• Limit who has domain admin access
disable lm authentication
Disable LM Authentication
  • Have to account for older clients that may use LM.
  • If you have at least win98 and NT you are ok, since there is a patch that updates them to use NTLM.
  • If you do not upgrade, then your password security has not improved
enforcing strong passwords
Enforcing Strong Passwords
  • NT and 2k have some mechanisms to help
  • The most important mechanism is account policies, under User Manager
  • NT SP 2 introduced a password filter called passflt.dll, which enforces the following:
    • Minimum 6 characters
    • Must contain 3 of the following categories: Uppercase, lowercase, numbers, and special characters.
    • Password cannot contain the user id
  • Another way to enforce strong passwords is to use ‘passprop’, which comes with the Resource Kit.
  • Enforces same as passfilt, but is easier to set up.
strong password policy
Strong Password Policy
  • Minimum of 8; 10 is better
  • Change every 45 days
  • Lockout at 3 tries in 5 hours, and lockout for 3 hours
  • At least one alpha, one number, and one special
  • Cannot reuse previous 5 passwords
implement syskey
Implement Syskey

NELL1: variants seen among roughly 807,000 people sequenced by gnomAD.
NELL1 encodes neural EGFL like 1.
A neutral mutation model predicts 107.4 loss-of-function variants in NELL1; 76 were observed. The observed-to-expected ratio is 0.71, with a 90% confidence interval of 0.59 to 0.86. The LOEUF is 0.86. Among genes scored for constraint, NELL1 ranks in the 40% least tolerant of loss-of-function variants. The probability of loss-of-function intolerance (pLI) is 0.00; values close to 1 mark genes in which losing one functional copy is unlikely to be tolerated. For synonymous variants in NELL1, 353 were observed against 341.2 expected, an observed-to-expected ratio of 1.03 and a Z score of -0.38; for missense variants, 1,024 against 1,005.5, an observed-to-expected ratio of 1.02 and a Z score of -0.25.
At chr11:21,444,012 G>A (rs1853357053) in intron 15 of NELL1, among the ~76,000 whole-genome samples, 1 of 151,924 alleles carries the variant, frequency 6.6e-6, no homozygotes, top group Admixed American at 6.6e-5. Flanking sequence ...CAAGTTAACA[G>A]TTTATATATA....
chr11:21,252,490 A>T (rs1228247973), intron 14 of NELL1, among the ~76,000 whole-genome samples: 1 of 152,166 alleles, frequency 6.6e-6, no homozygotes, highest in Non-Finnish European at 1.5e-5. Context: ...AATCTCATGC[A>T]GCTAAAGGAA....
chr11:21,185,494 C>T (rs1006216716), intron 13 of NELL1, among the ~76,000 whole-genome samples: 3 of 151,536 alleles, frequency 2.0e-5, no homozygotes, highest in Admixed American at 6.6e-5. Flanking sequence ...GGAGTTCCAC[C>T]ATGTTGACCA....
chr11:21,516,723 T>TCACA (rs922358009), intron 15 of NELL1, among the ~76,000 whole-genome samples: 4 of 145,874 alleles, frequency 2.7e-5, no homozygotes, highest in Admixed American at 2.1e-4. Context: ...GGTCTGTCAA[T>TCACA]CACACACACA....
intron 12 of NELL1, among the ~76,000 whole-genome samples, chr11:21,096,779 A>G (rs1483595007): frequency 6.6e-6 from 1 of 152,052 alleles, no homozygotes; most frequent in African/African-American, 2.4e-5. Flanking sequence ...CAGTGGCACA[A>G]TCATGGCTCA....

• Available with SP3 for NT, automatic with 2K.
  • Allows 128-bit encryption of the SAM
  • Prevents L0phtcrack from extracting hashes
  • Implemented by running syskey.exe – careful it cannot be reversed.
  • Beware of 3rd party authentication systems that are not compatible with syskey
use one time passwords
Use One-time Passwords
  • Password changes each time the user logs on
  • There are no passwords to guess.
  • Downside: cost, complexity
  • Most common form are ‘smart cards’.
    • The device is time-triggered so the password changes every minute
    • When user wants to logon, they read the display of the smart card.
    • This system can be used in conjunction with standard passwords – maybe only used on the ‘road’
some additional tips
Some Additional Tips
  • Audit Access to Key Files
    • Watch out for access of the SAM database
    • Use programs such as tripwire to watch over your files
  • Scan for Cracking Tools
    • Watch out for programs on your systems
    • Again, tripwire can be useful to monitor directory contents
  • Keep Inventory of Active Accounts
    • Watch for past employees accounts.
    • Remove accounts that should no longer be active
    • Monitor accounts, looking for new ones, or accounts whose privileges have changed.
  • Still not enough?
    • Use Biometrics